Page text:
The four-door midsize sedan is in many ways the heart of the car market. It’s also the segment that has the greatest number of head-to-head competitors with hybrid drive, which four automakers now have as an option on their mainstream midsize offerings. The Hyundai Sonata Hybrid claims the top green spot in this segment, earning an eRating of 154 and nosing out the Nissan Altima Hybrid, which scores a 152.
Of course, this doesn’t count the Toyota Prius. We handicap the choices covered in this article by excluding that uniquely optimized hybrid original, which has grown into midsize capacity but hardly pretends to be a standard sedan. The Prius’ eRating of 205 remains out of reach for most vehicles and is almost double that of the average midsize car eRating of 106.
Just released, the Hyundai Sonata Hybrid features an industry-first automotive engineering combination of a full hybrid system with a turbocharged direct-injection four-cylinder gasoline engine. This propulsion package delivers total gas-plus-electric oomph amounting to 209 horsepower, a level of output rivaling many V6 powertrains. The result is exceptional fuel economy given the performance capability.
Besides the Sonata and Altima hybrids, the other two entries in this segment are the Ford Fusion and Toyota Camry hybrids, which garner eRatings of 147 and 135, respectively. The Hyundai and Nissan offerings end up nearly nose-to-nose, with a less than one percent difference on the AutoEcoRating scale, and the Ford Fusion Hybrid isn’t that far behind. Although the Camry Hybrid brings up the rear it still emits 20 percent less pollution per mile than the average midsize sedan.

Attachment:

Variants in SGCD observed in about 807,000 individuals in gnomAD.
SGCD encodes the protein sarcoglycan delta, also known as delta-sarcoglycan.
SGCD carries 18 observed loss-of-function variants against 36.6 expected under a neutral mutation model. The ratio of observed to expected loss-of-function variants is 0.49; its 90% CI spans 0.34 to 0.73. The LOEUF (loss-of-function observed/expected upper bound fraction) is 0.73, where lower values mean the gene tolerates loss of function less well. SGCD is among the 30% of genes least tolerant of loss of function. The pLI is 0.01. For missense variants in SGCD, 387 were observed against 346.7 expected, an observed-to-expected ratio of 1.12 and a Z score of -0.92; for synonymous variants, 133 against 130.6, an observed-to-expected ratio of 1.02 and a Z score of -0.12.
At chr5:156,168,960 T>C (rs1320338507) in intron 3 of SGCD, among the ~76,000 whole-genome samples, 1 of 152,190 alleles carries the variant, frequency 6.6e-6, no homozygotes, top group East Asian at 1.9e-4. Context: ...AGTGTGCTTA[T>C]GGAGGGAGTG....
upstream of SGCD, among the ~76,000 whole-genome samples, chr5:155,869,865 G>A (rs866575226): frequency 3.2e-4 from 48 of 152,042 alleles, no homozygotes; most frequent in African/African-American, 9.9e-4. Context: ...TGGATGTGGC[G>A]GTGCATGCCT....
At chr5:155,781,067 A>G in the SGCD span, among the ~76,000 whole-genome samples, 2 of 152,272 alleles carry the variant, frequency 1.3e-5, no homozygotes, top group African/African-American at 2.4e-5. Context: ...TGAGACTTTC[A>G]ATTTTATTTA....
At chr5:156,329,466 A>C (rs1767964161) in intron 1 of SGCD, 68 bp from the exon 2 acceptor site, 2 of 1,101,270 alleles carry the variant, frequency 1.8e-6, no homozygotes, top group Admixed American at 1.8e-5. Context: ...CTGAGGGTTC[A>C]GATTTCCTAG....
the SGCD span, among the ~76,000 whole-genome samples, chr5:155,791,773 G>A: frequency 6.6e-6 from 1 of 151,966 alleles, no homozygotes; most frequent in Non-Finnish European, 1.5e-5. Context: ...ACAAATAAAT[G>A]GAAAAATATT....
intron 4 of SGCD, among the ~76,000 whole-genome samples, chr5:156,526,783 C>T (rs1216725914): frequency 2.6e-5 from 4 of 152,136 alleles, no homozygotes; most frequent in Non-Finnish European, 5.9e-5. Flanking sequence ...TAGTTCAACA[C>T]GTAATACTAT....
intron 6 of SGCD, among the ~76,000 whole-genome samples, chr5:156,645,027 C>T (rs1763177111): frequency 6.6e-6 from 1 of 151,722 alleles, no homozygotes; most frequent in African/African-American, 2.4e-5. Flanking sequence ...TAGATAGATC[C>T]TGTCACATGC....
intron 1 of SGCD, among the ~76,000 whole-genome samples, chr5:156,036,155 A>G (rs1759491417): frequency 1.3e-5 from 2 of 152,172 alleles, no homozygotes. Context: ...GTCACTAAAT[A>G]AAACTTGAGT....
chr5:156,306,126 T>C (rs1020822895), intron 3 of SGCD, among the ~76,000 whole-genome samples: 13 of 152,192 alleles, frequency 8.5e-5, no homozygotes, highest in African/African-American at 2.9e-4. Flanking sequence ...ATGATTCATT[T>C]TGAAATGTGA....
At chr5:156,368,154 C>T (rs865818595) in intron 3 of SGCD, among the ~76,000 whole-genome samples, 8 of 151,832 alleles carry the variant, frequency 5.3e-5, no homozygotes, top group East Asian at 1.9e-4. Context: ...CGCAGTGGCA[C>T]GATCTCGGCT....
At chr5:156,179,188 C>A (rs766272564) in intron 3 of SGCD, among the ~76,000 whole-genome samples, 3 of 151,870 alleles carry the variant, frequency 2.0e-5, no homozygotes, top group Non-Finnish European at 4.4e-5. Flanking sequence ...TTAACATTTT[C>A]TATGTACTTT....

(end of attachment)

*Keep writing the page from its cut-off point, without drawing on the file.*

Among the four, the Hyundai Hybrid is the first use a lightweight lithium polymer battery pack. Nissan pioneered lithium-based batteries in its limited-release Altra EV over a decade ago. But like most other automakers to date, the Nissan’s current hybrid sticks with the reliable but heavy nickel-metal chemistry. That’s the type of battery still used in the other hybrids in this segment as well as in the Prius.
Hyundai’s “Blue Drive” hybrid system mounts the main electric motor in line with a 6-speed automatic transmission. This setup eliminates the torque converter and represents a totally new twist on powertrain design. To address the challenges of instantly starting and stopping the gasoline engine and providing smooth launches, Blue Drive uses an integrated starter-generator that is belt coupled to the engine. This allows the engine to restart when disconnected from the transmission, while the electric motor can deliver uninterrupted torque to the wheels. The result is a low-cost solution to a complicated engineering problem. Other manufacturers making full hybrids have addressed these issues with a split system, as epitomized by Toyota’s Hybrid Synergy Drive and the similar configurations used by Nissan and Ford.
The Sonata Hybrid’s design yields a highway fuel economy of 40 mpg. That’s higher than its 35 mpg city rating and represents a city-highway efficiency balance more like that of regular vehicles. This is in contrast to split-system designs that excel in urban driving, such as the Ford Fusion Hybrid’s best-in-class 41 mpg city rating.
Tailpipe emissions also factor into the eRatings and the Sonata Hybrid’s “Bin 2” emissions level is another reason why it edges out the competition. Among the four cars, only the Nissan Altima Hybrid certifies to a “Partial Zero Emission Vehicle” (PZEV) rating; that’s its only configuration but one of limited availability, explaining why its eRating comes so close to the Sonata Hybrid’s. Cleaner versions of the Sonata, Fusion and Camry hybrids are available in California, where the Sonata Hybrid still comes out on top and the Ford Fusion hybrid moves up to second place.